It's one thing to plop a camera in front of an analyst and ask him or her where the price of oil is heading. Pretty much every time that analyst will say something outlandish to get people's attention. It's a whole different ball game, though, when those same analysts and traders start making outlandish bets on the future price of oil through futures trading. This past week we have seen a large uptick in put options on the price of oil going down.
Based on recent trading volumes, the number of put options with strike prices below $30 per barrel could not be covered even by all the oil stored at the nation's largest oil-trading hub -- Cushing, Okla. Furthermore, some of those bets project oil will go below $20.
To say oil will dip so low just because there are put options for that price is a little misleading, though, because the price of oil does not necessarily have to drop that far for people to make a buck on these options. So let's look at why some people are willing to make what seems like a long shot bet, and how that should influence your investing strategy.
Put your money where your mouth is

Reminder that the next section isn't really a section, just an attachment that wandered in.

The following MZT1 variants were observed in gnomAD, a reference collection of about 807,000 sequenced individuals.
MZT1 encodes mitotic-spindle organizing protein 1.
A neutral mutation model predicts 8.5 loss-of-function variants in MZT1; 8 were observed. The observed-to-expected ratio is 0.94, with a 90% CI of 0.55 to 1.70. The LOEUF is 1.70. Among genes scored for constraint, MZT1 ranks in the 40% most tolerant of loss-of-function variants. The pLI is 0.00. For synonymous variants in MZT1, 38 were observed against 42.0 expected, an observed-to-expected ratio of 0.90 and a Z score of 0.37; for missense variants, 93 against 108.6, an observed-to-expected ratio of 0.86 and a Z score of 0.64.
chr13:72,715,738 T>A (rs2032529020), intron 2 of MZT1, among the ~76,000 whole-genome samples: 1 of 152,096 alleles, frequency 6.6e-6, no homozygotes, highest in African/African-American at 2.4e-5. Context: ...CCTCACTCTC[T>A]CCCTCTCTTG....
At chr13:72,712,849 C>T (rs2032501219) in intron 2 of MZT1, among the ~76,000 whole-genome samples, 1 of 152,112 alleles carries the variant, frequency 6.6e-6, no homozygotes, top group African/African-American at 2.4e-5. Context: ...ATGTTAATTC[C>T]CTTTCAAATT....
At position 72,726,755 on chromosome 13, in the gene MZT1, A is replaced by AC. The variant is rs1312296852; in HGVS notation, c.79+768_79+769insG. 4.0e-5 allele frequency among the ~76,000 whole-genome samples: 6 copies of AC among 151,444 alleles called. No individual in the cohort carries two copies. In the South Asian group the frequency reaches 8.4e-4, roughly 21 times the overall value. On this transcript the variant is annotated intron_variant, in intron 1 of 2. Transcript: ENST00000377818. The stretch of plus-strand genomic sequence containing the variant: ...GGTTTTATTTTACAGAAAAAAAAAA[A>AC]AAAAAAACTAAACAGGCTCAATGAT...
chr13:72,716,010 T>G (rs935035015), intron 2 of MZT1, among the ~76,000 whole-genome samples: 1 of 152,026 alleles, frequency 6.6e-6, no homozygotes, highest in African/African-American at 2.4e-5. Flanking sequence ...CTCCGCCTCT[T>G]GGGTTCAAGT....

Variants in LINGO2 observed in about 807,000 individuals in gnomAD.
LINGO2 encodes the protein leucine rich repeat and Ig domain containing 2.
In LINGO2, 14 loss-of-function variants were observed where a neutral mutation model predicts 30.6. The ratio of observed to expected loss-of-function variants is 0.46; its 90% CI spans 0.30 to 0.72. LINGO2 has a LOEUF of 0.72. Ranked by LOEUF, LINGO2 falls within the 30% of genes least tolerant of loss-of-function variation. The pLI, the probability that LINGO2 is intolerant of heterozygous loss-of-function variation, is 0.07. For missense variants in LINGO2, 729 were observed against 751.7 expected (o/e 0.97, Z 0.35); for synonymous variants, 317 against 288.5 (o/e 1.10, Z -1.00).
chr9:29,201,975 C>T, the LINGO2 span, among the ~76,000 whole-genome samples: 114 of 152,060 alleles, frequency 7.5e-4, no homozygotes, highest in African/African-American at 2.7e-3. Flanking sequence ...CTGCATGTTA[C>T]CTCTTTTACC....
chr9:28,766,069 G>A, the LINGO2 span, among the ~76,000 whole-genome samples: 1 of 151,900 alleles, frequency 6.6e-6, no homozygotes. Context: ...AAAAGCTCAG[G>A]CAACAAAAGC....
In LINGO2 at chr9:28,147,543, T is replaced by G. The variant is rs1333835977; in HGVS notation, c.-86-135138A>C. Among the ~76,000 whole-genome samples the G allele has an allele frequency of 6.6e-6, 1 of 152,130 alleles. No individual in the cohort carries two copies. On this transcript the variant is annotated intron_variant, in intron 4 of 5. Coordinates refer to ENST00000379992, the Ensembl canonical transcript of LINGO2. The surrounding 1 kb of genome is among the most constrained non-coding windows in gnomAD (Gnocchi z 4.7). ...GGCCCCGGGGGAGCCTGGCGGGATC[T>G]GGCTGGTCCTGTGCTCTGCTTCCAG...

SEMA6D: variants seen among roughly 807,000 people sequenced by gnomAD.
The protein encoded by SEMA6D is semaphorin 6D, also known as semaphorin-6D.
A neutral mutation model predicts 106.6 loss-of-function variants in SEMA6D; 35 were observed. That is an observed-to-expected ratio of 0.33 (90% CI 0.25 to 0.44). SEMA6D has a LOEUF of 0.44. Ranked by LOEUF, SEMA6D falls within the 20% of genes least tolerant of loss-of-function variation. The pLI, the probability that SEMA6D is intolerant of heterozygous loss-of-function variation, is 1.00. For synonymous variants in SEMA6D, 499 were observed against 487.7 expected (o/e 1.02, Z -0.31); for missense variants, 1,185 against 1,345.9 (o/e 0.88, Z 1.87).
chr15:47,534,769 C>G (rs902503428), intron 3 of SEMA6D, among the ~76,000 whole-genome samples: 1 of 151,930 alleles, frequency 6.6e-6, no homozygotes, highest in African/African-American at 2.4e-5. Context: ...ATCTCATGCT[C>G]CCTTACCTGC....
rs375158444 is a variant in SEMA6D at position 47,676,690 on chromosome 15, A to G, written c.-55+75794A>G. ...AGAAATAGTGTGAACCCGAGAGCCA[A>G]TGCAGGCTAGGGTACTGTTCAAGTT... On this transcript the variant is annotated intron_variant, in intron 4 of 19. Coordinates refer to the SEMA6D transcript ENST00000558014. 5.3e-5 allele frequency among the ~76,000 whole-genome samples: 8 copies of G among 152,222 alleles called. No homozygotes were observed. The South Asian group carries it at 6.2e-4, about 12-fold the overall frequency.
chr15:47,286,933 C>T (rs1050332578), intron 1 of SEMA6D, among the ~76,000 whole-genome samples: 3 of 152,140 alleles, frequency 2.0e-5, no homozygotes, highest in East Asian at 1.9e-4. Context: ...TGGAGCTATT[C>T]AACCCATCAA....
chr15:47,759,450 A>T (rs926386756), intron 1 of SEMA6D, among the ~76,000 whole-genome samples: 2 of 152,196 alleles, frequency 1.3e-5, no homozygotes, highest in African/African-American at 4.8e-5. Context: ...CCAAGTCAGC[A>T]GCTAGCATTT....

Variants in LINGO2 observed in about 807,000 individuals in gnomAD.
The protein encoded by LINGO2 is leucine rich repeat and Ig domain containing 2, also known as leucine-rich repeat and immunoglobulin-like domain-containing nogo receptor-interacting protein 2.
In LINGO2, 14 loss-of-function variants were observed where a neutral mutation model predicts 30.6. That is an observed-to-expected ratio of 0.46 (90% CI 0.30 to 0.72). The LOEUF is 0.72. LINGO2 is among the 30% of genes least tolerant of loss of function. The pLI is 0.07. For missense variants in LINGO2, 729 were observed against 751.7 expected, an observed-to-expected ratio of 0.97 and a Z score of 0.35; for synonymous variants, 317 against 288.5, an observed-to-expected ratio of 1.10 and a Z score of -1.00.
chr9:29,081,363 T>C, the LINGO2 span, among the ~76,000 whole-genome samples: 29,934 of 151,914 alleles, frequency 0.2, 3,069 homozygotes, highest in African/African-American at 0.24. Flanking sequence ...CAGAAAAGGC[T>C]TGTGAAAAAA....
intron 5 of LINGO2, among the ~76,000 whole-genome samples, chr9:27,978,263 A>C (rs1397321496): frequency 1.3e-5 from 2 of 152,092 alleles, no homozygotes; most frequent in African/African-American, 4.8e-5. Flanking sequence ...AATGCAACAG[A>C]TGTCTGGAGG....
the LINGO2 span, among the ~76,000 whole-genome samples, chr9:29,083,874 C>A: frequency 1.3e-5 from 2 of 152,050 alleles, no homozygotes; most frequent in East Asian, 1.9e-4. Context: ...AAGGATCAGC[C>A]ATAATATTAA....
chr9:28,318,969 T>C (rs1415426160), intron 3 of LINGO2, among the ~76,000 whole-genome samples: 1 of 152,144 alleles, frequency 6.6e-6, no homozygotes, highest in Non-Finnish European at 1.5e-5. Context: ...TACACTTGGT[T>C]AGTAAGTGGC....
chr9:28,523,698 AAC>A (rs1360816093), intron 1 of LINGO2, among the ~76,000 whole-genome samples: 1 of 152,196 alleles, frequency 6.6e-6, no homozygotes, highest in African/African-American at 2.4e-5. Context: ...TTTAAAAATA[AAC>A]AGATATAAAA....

To understand why these bets on oil below $20 aren't what they seem, we need to know what a put option is. A put option is the right, but not the obligation, to sell a commodity for a set price in the future. Basically, a $20 put option on the price of crude says that if the price of oil sits below $20 per barrel at the option's expiration date, then the person who owns that put option can buy cheaper oil on the open market and sell it for the price locked in with the put option. If it never reaches that price level, then the option expires and the person only loses the premium (fee) she or he paid to buy the option.
Just about every wild prediction regarding oil prices -- either up or down -- is normally accompanied by some sort of explanation that on the surface makes sense. Perhaps it's because OPEC plans on running everyone else out of the market, or maybe it's because the drop in oil prices will cause a major credit crunch that would lead to waning global demand. There are loads of theories out there, and normally they all sound great because they can be tied to something that is happening today.
But here is where things start to get crazy. With oil at $20 or less, a vast majority of oil production around the world would be unprofitable, meaning that pricing is unsustainable based on the fundamentals of supply and demand. So it is quite unlikely oil will ever become that cheap, or at least that the price would remain that low for long.
Put option trading: The hot potato and the craps table
Traders do not make these types of bets fully based on the fundamentals of the market. They make them, in fact, because 1) they know how to play on others' fear, and 2) they probably know their way around a craps table.